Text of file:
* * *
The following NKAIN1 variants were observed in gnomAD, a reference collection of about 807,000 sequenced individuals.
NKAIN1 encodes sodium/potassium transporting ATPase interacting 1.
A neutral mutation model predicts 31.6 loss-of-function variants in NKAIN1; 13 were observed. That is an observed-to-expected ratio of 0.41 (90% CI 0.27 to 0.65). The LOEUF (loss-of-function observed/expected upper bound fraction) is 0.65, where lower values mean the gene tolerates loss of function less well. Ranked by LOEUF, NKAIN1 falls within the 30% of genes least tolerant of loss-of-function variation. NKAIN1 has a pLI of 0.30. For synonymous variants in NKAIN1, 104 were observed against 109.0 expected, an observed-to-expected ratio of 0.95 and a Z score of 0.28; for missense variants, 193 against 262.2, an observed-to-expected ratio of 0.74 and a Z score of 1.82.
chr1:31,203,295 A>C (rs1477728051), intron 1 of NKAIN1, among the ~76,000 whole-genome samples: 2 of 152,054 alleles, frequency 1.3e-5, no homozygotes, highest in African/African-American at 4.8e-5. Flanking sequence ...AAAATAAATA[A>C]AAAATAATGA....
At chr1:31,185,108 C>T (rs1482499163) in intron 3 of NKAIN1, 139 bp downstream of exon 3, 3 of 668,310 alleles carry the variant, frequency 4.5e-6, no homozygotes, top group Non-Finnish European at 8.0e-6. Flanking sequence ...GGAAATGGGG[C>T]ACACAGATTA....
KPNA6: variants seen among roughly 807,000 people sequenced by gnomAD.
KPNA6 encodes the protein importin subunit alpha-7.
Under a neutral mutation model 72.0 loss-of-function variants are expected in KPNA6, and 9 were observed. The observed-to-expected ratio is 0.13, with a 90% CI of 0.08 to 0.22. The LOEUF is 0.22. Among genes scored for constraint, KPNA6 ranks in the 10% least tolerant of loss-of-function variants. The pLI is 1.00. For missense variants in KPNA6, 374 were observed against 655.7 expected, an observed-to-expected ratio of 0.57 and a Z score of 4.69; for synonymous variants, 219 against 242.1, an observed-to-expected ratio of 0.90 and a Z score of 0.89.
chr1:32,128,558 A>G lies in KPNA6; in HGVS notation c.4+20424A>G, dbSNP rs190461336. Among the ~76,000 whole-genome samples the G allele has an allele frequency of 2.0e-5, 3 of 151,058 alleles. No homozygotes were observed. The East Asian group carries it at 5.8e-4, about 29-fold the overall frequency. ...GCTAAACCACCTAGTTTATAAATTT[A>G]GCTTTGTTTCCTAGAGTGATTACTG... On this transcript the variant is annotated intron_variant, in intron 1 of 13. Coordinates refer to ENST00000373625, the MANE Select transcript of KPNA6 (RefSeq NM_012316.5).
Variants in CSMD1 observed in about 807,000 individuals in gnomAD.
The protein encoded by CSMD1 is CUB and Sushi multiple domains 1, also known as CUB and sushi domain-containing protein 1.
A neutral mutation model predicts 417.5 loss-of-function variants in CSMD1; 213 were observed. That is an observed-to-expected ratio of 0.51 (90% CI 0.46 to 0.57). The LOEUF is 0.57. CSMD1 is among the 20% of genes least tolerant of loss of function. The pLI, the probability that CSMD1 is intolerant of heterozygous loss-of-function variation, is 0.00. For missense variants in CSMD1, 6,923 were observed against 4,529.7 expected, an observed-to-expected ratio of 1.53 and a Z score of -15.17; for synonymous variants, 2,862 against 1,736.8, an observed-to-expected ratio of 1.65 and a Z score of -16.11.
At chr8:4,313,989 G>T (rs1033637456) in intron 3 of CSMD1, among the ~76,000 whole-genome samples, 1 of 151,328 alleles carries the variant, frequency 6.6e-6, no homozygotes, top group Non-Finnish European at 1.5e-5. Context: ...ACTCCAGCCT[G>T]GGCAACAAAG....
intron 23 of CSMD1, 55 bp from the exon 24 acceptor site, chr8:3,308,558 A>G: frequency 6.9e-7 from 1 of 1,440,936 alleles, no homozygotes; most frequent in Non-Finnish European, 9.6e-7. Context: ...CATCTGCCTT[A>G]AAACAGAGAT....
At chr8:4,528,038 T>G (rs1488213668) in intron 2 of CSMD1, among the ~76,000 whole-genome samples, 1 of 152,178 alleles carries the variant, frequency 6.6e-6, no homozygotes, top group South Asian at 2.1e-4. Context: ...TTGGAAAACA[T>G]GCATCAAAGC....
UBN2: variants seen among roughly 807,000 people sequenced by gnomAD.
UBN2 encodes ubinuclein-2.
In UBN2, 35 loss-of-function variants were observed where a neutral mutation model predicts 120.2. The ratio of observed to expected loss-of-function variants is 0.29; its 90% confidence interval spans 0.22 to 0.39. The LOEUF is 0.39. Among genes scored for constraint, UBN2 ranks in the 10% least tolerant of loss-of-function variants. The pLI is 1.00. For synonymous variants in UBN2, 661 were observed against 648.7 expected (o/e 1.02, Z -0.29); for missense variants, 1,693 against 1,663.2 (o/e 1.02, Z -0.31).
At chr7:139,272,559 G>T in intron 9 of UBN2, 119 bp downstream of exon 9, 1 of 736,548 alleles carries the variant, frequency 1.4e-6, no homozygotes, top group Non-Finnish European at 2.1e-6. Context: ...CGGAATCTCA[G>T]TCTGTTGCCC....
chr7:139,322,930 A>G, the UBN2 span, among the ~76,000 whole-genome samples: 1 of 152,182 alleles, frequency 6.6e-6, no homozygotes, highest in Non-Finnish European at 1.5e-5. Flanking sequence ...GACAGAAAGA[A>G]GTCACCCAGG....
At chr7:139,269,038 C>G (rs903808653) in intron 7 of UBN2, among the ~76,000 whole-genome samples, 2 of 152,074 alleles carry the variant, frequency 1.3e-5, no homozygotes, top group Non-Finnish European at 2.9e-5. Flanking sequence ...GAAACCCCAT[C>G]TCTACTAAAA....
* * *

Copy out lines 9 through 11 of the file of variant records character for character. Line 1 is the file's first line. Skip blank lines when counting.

chr1:32,128,558 A>G lies in KPNA6; in HGVS notation c.4+20424A>G, dbSNP rs190461336. Among the ~76,000 whole-genome samples the G allele has an allele frequency of 2.0e-5, 3 of 151,058 alleles. No homozygotes were observed. The East Asian group carries it at 5.8e-4, about 29-fold the overall frequency. ...GCTAAACCACCTAGTTTATAAATTT[A>G]GCTTTGTTTCCTAGAGTGATTACTG... On this transcript the variant is annotated intron_variant, in intron 1 of 13. Coordinates refer to ENST00000373625, the MANE Select transcript of KPNA6 (RefSeq NM_012316.5).
Variants in CSMD1 observed in about 807,000 individuals in gnomAD.
The protein encoded by CSMD1 is CUB and Sushi multiple domains 1, also known as CUB and sushi domain-containing protein 1.